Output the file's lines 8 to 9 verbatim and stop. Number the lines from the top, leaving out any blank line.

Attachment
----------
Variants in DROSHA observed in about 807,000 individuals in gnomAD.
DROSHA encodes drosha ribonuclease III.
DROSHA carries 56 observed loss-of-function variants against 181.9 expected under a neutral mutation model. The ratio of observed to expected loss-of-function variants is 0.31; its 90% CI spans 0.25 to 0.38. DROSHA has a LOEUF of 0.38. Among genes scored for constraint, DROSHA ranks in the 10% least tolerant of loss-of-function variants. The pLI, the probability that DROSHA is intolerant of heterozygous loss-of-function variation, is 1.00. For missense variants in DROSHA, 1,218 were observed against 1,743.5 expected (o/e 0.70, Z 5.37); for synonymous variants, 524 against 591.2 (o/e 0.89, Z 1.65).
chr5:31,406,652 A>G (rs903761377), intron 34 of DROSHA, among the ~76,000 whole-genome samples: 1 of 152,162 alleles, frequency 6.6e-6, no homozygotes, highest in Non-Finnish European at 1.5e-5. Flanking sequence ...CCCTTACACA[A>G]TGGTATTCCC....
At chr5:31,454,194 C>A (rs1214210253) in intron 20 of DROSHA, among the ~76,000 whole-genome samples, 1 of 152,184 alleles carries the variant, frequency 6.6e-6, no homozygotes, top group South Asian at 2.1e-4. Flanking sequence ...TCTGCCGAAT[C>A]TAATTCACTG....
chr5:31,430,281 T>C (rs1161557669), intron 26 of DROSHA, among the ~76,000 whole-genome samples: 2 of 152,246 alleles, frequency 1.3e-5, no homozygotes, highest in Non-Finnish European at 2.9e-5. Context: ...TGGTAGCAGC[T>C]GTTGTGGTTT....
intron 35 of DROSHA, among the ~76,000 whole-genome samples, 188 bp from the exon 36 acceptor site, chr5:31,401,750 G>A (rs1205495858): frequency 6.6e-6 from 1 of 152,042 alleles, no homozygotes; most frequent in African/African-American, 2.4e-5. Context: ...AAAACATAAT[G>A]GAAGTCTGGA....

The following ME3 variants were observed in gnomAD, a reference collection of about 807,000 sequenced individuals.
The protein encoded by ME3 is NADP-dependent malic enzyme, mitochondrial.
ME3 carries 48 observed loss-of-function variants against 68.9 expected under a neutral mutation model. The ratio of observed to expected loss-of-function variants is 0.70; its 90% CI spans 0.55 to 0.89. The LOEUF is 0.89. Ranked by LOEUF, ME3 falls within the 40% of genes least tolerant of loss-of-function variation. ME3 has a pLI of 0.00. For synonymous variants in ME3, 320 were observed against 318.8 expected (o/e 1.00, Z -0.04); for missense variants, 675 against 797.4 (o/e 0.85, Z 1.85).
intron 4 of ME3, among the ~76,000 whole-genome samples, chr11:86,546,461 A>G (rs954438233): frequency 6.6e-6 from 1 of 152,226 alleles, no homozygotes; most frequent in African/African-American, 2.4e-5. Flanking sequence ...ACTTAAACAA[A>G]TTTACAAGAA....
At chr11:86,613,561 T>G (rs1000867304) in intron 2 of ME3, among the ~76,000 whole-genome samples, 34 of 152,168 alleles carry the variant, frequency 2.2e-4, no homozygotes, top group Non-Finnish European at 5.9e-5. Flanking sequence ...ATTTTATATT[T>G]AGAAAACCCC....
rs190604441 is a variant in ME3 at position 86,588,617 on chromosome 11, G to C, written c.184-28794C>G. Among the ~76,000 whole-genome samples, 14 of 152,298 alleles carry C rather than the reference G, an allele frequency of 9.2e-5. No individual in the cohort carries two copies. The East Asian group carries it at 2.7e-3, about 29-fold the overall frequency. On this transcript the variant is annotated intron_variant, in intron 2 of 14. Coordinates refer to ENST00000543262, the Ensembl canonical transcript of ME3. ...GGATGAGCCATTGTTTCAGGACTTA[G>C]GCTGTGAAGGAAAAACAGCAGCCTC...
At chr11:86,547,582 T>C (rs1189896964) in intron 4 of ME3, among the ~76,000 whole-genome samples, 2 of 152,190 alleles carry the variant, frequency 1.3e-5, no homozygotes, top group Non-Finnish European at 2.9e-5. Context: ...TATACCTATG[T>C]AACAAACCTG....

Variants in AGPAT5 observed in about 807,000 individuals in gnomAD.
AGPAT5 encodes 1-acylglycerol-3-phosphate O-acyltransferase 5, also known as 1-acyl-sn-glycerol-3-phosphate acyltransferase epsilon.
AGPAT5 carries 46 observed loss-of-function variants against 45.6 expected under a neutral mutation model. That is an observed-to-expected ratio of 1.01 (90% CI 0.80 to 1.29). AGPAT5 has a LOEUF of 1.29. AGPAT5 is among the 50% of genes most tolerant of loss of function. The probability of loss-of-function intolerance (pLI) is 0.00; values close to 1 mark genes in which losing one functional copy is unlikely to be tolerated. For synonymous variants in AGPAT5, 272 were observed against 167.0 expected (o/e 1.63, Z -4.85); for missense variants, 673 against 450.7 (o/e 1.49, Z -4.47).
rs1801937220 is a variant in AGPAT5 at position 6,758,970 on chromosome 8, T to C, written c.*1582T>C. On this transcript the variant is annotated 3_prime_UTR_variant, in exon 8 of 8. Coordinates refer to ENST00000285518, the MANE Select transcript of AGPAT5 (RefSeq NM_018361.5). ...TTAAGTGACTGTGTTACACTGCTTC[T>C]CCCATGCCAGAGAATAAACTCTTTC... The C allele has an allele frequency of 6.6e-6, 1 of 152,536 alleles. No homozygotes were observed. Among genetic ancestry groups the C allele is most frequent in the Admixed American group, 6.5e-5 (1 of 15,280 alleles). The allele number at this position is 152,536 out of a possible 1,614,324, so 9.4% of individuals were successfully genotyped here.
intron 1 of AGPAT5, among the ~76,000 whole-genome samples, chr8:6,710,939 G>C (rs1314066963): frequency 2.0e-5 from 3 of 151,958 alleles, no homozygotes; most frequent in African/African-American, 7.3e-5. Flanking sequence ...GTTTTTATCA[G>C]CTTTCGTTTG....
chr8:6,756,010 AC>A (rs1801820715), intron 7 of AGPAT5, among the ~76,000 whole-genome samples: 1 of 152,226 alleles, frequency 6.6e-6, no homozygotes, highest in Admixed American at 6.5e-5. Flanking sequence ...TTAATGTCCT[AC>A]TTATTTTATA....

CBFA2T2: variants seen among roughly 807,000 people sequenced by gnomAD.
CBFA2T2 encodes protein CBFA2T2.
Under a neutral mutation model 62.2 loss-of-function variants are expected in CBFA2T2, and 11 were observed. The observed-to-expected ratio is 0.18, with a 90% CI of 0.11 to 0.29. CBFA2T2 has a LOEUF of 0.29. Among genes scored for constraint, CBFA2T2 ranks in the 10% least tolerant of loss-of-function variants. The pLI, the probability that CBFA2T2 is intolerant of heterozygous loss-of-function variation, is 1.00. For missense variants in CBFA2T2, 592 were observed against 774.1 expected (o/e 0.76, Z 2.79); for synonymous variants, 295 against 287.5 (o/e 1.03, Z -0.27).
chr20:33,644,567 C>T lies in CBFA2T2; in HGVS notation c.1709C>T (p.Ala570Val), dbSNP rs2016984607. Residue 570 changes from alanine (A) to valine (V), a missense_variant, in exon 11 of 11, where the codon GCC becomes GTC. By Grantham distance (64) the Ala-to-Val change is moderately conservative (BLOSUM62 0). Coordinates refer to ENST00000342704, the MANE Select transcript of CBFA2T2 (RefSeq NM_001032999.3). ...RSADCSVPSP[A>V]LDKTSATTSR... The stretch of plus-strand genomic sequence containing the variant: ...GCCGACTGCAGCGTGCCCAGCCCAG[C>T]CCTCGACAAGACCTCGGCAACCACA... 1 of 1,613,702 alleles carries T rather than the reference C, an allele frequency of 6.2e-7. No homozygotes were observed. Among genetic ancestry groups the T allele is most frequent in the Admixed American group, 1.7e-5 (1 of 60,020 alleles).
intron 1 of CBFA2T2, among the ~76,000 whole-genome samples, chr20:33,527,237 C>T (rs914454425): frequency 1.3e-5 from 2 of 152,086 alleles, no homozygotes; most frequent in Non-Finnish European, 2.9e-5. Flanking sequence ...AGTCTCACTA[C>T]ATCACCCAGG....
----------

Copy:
The following ME3 variants were observed in gnomAD, a reference collection of about 807,000 sequenced individuals.
The protein encoded by ME3 is NADP-dependent malic enzyme, mitochondrial.